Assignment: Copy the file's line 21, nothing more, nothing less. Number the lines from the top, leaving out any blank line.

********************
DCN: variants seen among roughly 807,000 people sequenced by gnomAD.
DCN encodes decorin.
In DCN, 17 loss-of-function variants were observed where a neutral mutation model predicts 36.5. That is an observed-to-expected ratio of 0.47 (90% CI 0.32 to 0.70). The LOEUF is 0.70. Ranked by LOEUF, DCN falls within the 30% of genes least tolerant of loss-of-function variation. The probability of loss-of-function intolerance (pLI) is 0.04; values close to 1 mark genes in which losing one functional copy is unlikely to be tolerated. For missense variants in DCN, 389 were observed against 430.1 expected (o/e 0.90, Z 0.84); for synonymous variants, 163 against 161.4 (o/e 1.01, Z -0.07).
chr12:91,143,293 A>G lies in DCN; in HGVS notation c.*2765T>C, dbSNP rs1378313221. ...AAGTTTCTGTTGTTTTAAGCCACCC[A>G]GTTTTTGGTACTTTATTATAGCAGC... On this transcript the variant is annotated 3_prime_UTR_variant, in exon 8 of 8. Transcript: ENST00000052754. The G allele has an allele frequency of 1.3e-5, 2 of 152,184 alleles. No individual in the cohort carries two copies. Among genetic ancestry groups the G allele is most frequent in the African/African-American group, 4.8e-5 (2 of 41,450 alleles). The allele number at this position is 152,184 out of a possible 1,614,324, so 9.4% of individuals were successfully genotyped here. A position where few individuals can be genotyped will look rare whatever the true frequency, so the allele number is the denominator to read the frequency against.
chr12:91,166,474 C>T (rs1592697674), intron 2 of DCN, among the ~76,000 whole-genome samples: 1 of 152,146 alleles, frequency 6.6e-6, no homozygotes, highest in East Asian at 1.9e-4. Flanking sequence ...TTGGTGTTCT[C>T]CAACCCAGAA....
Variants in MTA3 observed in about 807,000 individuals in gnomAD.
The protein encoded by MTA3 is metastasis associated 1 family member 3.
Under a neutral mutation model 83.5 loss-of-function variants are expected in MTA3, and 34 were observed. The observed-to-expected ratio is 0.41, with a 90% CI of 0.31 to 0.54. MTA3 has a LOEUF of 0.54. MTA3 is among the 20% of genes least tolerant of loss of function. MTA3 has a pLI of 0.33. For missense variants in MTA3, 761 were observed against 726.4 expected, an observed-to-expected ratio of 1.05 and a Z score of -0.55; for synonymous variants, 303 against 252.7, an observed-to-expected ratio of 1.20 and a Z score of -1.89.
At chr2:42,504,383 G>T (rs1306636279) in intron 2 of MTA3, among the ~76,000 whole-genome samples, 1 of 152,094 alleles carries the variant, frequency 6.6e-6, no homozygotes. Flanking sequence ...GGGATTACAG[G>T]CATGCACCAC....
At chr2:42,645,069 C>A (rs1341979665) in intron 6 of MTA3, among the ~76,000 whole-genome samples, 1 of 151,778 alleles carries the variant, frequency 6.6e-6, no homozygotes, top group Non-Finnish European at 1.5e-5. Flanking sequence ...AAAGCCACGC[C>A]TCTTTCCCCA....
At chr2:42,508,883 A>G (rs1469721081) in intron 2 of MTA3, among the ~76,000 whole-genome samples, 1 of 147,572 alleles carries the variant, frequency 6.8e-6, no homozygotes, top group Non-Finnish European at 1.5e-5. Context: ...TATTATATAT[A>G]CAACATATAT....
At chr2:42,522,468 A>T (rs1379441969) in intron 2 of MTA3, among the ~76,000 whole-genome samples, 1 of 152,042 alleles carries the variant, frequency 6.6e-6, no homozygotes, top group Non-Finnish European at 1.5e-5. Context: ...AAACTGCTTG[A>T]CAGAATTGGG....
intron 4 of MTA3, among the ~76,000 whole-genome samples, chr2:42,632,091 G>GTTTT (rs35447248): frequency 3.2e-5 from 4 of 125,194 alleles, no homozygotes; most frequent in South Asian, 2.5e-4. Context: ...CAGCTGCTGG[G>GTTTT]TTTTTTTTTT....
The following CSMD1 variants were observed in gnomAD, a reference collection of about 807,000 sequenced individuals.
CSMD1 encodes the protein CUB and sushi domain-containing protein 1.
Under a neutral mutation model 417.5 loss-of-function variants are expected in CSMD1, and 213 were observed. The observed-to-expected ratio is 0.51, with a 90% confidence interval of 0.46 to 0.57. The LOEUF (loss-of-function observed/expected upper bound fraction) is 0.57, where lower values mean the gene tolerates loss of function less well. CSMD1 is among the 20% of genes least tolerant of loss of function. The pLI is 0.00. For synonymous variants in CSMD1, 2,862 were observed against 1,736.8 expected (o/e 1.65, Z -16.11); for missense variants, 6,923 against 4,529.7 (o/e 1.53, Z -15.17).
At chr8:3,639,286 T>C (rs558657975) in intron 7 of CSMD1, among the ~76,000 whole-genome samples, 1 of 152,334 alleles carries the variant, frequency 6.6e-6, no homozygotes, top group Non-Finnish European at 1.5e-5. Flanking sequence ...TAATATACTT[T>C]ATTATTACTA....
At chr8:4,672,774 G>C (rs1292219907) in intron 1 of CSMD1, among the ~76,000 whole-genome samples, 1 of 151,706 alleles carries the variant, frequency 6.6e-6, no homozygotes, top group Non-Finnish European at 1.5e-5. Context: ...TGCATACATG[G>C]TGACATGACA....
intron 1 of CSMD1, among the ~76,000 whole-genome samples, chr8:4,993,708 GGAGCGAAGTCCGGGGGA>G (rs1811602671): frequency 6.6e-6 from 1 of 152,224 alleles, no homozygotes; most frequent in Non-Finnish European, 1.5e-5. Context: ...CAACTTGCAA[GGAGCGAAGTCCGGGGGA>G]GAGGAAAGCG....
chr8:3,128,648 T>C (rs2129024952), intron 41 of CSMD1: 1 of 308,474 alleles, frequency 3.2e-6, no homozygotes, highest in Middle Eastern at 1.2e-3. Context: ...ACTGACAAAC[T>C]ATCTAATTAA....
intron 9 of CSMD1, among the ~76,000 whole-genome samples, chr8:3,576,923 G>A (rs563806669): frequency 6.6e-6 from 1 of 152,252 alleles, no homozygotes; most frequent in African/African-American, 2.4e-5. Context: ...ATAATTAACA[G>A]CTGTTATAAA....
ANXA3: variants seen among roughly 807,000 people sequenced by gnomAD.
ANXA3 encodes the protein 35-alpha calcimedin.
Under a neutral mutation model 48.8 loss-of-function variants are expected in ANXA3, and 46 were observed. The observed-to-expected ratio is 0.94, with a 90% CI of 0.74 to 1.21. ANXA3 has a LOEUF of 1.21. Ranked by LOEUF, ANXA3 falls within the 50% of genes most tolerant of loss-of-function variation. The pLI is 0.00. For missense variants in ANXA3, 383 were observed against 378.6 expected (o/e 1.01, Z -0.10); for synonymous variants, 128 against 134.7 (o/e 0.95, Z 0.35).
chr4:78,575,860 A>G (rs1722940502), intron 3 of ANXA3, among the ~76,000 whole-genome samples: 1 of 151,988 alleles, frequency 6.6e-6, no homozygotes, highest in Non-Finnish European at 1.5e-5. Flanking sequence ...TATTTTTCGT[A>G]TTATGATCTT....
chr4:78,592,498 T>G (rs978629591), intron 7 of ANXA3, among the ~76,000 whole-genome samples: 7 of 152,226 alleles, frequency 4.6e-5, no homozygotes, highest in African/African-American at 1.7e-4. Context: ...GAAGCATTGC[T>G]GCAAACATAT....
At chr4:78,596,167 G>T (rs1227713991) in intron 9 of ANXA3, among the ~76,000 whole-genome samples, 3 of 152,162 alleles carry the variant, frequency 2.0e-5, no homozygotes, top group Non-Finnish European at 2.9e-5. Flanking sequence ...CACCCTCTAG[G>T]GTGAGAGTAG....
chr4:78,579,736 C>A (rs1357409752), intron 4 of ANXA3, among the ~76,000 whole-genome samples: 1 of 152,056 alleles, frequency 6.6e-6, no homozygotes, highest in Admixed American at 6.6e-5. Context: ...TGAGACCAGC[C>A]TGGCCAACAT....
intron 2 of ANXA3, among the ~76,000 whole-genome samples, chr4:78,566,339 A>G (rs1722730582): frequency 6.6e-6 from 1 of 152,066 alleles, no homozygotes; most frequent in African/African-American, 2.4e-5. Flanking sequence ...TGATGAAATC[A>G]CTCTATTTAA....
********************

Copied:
intron 9 of CSMD1, among the ~76,000 whole-genome samples, chr8:3,576,923 G>A (rs563806669): frequency 6.6e-6 from 1 of 152,252 alleles, no homozygotes; most frequent in African/African-American, 2.4e-5. Context: ...ATAATTAACA[G>A]CTGTTATAAA....